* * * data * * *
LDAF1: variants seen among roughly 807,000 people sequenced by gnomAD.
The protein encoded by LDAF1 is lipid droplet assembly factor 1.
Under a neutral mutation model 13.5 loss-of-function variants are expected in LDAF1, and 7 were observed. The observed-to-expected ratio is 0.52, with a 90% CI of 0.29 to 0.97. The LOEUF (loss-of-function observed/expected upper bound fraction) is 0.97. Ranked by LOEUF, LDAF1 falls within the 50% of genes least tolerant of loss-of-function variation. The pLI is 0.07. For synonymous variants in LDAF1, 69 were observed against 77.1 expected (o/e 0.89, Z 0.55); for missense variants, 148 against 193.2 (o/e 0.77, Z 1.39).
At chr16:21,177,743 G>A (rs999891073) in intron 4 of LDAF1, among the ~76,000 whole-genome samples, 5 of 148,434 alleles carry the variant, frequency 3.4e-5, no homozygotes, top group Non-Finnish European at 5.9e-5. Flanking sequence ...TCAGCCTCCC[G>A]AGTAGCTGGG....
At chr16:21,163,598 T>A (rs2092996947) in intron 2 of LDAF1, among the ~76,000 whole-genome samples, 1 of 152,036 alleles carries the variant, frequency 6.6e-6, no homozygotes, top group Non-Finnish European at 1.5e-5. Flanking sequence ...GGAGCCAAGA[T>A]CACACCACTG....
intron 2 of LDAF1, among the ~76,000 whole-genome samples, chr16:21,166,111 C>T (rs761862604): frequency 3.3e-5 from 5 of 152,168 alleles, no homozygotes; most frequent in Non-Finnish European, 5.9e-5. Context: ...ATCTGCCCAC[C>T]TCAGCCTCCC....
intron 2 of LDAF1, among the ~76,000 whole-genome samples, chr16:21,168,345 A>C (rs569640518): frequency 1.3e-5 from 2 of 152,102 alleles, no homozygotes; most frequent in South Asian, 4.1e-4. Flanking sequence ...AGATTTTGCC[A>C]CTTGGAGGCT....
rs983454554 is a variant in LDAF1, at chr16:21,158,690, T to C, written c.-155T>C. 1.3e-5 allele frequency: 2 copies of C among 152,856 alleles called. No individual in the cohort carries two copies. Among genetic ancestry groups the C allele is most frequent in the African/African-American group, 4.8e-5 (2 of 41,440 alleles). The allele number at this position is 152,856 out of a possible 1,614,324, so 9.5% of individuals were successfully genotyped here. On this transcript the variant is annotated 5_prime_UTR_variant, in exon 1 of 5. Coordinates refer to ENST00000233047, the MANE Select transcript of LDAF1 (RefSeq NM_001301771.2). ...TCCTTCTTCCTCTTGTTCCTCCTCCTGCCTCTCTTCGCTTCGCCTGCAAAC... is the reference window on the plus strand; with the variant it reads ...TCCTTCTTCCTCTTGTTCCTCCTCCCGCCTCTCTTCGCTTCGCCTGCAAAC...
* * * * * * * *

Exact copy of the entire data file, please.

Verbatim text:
LDAF1: variants seen among roughly 807,000 people sequenced by gnomAD.
The protein encoded by LDAF1 is lipid droplet assembly factor 1.
Under a neutral mutation model 13.5 loss-of-function variants are expected in LDAF1, and 7 were observed. The observed-to-expected ratio is 0.52, with a 90% CI of 0.29 to 0.97. The LOEUF (loss-of-function observed/expected upper bound fraction) is 0.97. Ranked by LOEUF, LDAF1 falls within the 50% of genes least tolerant of loss-of-function variation. The pLI is 0.07. For synonymous variants in LDAF1, 69 were observed against 77.1 expected (o/e 0.89, Z 0.55); for missense variants, 148 against 193.2 (o/e 0.77, Z 1.39).
At chr16:21,177,743 G>A (rs999891073) in intron 4 of LDAF1, among the ~76,000 whole-genome samples, 5 of 148,434 alleles carry the variant, frequency 3.4e-5, no homozygotes, top group Non-Finnish European at 5.9e-5. Flanking sequence ...TCAGCCTCCC[G>A]AGTAGCTGGG....
At chr16:21,163,598 T>A (rs2092996947) in intron 2 of LDAF1, among the ~76,000 whole-genome samples, 1 of 152,036 alleles carries the variant, frequency 6.6e-6, no homozygotes, top group Non-Finnish European at 1.5e-5. Flanking sequence ...GGAGCCAAGA[T>A]CACACCACTG....
intron 2 of LDAF1, among the ~76,000 whole-genome samples, chr16:21,166,111 C>T (rs761862604): frequency 3.3e-5 from 5 of 152,168 alleles, no homozygotes; most frequent in Non-Finnish European, 5.9e-5. Context: ...ATCTGCCCAC[C>T]TCAGCCTCCC....
intron 2 of LDAF1, among the ~76,000 whole-genome samples, chr16:21,168,345 A>C (rs569640518): frequency 1.3e-5 from 2 of 152,102 alleles, no homozygotes; most frequent in South Asian, 4.1e-4. Flanking sequence ...AGATTTTGCC[A>C]CTTGGAGGCT....
rs983454554 is a variant in LDAF1, at chr16:21,158,690, T to C, written c.-155T>C. 1.3e-5 allele frequency: 2 copies of C among 152,856 alleles called. No individual in the cohort carries two copies. Among genetic ancestry groups the C allele is most frequent in the African/African-American group, 4.8e-5 (2 of 41,440 alleles). The allele number at this position is 152,856 out of a possible 1,614,324, so 9.5% of individuals were successfully genotyped here. On this transcript the variant is annotated 5_prime_UTR_variant, in exon 1 of 5. Coordinates refer to ENST00000233047, the MANE Select transcript of LDAF1 (RefSeq NM_001301771.2). ...TCCTTCTTCCTCTTGTTCCTCCTCCTGCCTCTCTTCGCTTCGCCTGCAAAC... is the reference window on the plus strand; with the variant it reads ...TCCTTCTTCCTCTTGTTCCTCCTCCCGCCTCTCTTCGCTTCGCCTGCAAAC...